Because being a homemaker isn’t about being extraordinary. It’s about seeing the ordinary in a conscious way. A way that leads to gratitude, joy and understanding. A way that helps me create an environment in which my family can become more human everyday. If you are moved, I invite you to share your ordinary things by replying below or leaving a link.
We have a portable dishwasher. The kind you wheel over to the sink and hook up to the faucet. It reminds me of the one my grandmother had when I was girl. I used to watch her in the sliver of light that poured into my room between the wall and the door that never shut properly. Rolling the ancient heavy machine over to the sink. Running the water until it was hot. After she left the kitchen to watch Wheel of Fortune, I’d fall asleep to the rhythmic white noise of the turning jets.
We’ve only had our dishwasher for about a year, but as you might imagine, I forgot what life was like without it fairly quickly. So when the plug began smelling distinctly of burning plastic mid-cycle on Saturday, I panicked. I suddenly remembered that I used to spent an hour at the sink after the kids were in bed, washing away the last artifacts of our family meals. These days, I look back upon the day while my hands are at the sewing machine or steadily clicking a pair of needles together. After a few deep breaths and a reminder to myself that we were quite capable of surviving a few days without a dishwasher, gratitude overcame panic.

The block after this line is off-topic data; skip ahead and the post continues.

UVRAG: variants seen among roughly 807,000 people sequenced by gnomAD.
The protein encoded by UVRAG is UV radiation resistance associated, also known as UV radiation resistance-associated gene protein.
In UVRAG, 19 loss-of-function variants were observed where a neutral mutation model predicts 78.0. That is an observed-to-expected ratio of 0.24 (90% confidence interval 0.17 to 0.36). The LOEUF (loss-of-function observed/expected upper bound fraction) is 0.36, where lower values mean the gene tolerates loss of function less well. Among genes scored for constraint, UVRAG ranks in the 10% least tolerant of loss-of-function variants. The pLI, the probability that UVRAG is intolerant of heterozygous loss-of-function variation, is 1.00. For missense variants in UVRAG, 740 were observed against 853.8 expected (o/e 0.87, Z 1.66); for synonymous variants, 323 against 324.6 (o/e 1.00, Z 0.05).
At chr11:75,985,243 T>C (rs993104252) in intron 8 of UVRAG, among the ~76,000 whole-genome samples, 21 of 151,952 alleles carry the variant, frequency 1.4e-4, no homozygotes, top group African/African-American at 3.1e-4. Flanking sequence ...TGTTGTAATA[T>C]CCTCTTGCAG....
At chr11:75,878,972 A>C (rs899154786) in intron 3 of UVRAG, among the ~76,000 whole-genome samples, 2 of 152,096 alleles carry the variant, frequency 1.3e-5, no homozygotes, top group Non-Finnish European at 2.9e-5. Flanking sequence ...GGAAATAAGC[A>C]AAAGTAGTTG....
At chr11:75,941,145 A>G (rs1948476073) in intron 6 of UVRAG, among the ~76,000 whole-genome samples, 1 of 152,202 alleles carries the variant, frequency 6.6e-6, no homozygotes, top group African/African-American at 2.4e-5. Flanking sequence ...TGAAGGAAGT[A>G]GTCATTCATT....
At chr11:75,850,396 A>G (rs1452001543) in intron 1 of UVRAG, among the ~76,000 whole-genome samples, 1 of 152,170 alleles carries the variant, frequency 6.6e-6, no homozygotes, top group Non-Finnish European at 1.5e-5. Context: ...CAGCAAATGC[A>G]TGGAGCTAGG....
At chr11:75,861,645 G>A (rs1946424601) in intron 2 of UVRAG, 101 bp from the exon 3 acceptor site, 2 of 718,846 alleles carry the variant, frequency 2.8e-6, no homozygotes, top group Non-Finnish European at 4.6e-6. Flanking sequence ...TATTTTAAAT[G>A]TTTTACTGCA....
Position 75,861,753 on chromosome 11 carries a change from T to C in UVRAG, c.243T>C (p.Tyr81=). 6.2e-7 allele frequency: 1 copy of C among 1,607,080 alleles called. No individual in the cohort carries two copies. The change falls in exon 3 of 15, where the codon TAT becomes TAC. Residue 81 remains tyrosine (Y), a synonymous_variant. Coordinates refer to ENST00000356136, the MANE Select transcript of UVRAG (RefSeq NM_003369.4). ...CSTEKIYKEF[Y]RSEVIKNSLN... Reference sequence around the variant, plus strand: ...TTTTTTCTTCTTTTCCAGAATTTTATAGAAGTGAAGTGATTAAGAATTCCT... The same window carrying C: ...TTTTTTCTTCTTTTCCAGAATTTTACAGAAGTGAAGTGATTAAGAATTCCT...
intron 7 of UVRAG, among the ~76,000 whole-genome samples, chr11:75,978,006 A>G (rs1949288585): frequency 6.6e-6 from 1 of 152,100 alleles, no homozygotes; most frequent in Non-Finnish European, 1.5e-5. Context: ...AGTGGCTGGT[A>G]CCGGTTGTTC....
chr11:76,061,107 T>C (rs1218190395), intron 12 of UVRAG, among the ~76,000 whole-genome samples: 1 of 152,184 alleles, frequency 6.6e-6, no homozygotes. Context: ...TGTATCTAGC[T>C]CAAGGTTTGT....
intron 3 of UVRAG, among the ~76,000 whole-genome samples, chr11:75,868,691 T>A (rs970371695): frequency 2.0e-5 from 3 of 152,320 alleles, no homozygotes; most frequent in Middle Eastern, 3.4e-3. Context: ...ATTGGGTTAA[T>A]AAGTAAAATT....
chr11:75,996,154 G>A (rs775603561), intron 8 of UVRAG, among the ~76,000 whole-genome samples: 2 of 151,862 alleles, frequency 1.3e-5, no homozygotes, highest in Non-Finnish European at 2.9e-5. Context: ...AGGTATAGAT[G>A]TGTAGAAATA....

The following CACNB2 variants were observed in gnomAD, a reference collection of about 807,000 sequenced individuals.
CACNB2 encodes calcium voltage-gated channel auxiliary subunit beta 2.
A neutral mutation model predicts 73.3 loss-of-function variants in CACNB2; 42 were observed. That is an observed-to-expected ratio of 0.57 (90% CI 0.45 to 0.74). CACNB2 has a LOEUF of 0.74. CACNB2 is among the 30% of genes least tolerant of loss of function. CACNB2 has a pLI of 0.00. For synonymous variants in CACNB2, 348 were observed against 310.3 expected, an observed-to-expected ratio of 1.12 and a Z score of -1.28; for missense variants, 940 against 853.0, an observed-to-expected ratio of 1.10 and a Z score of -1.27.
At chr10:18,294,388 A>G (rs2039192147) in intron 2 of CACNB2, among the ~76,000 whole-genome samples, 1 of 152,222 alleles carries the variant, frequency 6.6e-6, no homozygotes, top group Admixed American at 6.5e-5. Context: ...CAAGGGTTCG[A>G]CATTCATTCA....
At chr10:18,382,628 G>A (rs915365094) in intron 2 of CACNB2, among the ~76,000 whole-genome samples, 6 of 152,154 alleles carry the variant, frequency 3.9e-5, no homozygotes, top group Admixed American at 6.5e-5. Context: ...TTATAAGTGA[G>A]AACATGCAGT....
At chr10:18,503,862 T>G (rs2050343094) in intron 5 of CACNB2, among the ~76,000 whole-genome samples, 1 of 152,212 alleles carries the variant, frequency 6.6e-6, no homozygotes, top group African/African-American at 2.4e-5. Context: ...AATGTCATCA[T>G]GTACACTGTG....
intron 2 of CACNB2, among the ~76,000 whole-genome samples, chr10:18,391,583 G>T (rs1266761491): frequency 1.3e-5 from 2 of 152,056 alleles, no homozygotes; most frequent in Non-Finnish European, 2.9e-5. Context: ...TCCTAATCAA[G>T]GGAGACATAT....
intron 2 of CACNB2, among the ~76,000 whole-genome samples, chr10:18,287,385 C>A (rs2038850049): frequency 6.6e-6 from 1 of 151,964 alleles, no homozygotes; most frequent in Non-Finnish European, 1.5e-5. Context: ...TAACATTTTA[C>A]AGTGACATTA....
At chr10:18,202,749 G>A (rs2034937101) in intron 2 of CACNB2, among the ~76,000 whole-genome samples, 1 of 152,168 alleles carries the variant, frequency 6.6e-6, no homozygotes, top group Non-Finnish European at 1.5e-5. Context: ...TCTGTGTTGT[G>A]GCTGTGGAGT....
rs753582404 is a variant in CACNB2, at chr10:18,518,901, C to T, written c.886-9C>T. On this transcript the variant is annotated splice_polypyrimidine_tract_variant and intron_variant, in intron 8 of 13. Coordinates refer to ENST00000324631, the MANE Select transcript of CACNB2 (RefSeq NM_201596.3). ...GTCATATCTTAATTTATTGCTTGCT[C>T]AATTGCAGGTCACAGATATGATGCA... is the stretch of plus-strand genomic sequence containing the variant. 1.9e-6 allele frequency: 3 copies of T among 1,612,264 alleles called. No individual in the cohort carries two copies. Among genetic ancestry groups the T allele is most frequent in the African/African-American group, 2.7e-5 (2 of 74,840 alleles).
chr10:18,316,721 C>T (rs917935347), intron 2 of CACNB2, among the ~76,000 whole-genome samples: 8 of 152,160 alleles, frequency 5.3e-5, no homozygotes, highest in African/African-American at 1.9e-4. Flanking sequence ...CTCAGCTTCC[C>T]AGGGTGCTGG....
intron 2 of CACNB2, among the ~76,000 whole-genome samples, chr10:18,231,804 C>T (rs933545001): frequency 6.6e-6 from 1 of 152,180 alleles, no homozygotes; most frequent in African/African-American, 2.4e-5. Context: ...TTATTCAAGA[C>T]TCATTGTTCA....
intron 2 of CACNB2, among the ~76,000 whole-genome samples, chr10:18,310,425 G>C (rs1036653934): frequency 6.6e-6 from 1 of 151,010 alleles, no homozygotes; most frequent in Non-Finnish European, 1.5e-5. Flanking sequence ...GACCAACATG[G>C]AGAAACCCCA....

Day after day, sometimes even twice, we load this machine, run it, empty it. In between we walk away and get covered in mud up to our knees, pick flowers for the nature table, climb into the tree house, fight over this and make up over that. Those moments of life we would not have without technology.
Sometimes I think taking things for granted is an act of self preservation. If we were conscious and grateful for everything, every moment of every day, we’d be exhausted. So the brain forgets what need not be attended to. That is, until, practical life offers us a little reminder of the forgotten things. And it never stops at the dishwasher. For a moment, all of it rushes back into consciousness. There used to be a patch of dirt where the spring bulbs are turning the earth yellow and purple. After several eggless months, I collected 10 today, 100 ft from neighbors who have embraced a suburban rooster. Two and a half years ago we paid a dollar for our 1983 Volvo, and it’s still getting us where we need to go. Grandma and Grandpa live 14 blocks away. It’s a 20 minute drive to Nana’s house. And, someone, somewhere, invented Skype so that the kids can take Grampy on a tour of their projects once a week. If I endeavored to count the number of people who have taken an active role in loving our children, I’d need all of the hands in our family.
We replaced the plug today, ran the water until it was hot, started the first of many catch up cycles, and stopped thinking about the dishwasher. I hope we won’t have to think about it again for a while. Instead I’m going out to cut daffodils for the nature table, and be grateful for the return of spring.